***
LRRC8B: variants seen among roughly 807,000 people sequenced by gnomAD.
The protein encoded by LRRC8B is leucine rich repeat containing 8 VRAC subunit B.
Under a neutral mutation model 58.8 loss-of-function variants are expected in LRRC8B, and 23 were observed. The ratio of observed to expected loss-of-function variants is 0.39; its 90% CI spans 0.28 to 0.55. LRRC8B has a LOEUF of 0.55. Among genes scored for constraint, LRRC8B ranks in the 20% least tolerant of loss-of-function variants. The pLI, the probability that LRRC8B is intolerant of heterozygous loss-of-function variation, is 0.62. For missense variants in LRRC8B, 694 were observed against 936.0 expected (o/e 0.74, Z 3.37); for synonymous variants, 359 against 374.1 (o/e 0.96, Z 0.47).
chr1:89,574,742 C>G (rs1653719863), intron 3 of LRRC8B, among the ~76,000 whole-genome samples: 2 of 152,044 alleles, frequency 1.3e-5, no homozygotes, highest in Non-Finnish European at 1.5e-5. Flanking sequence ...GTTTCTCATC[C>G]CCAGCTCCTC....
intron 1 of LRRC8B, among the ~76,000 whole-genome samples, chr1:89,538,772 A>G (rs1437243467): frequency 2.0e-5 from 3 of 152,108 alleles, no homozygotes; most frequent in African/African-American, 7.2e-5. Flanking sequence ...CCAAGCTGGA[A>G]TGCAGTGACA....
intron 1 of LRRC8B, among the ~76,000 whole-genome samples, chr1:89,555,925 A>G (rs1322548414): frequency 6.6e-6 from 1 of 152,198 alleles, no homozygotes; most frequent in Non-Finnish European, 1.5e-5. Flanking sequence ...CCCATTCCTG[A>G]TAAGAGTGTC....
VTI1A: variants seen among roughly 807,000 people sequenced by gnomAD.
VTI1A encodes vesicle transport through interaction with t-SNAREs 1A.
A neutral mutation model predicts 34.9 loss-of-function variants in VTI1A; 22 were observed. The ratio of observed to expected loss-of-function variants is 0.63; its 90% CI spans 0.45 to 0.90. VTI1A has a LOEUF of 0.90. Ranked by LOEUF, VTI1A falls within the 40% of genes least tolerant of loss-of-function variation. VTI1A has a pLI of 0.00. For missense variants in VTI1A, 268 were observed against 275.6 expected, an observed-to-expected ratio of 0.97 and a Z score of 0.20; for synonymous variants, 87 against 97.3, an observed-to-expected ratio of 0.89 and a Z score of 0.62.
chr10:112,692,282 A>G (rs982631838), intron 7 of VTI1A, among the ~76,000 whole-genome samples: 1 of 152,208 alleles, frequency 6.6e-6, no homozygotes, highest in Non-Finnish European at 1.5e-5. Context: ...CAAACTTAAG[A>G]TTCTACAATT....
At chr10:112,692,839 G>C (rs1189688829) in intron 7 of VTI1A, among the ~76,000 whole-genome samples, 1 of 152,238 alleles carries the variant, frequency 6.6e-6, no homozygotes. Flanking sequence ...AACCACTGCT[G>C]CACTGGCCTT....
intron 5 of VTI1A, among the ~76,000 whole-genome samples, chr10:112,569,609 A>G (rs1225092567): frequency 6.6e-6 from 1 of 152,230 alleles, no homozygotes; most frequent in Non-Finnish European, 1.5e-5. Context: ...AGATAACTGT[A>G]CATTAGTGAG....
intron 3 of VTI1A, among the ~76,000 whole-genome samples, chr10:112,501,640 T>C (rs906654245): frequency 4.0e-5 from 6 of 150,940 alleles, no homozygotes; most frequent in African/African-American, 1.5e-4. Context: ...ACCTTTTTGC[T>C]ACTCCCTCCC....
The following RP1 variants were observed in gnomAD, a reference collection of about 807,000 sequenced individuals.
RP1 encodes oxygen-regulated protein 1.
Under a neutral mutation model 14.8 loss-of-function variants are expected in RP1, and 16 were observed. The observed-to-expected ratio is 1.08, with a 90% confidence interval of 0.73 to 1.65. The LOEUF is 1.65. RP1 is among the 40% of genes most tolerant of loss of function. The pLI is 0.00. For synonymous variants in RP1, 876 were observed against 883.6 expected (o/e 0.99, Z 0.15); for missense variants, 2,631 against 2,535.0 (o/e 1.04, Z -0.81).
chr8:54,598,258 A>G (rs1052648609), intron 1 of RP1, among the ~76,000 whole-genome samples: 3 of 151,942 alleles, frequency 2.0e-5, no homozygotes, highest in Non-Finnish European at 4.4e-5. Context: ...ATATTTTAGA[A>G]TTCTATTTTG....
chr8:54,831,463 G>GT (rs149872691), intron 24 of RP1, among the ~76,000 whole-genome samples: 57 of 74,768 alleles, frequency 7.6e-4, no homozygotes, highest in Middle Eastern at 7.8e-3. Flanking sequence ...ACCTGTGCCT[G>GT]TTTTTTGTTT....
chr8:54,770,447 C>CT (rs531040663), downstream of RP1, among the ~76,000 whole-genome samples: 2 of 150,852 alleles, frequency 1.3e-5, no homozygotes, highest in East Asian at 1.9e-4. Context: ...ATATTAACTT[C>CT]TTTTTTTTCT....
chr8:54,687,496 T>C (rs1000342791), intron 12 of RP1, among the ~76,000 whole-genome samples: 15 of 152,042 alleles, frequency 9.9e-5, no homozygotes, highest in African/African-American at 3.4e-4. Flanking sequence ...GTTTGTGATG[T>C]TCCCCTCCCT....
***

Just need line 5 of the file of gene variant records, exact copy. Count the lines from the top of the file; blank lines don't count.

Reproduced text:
intron 1 of LRRC8B, among the ~76,000 whole-genome samples, chr1:89,538,772 A>G (rs1437243467): frequency 2.0e-5 from 3 of 152,108 alleles, no homozygotes; most frequent in African/African-American, 7.2e-5. Flanking sequence ...CCAAGCTGGA[A>G]TGCAGTGACA....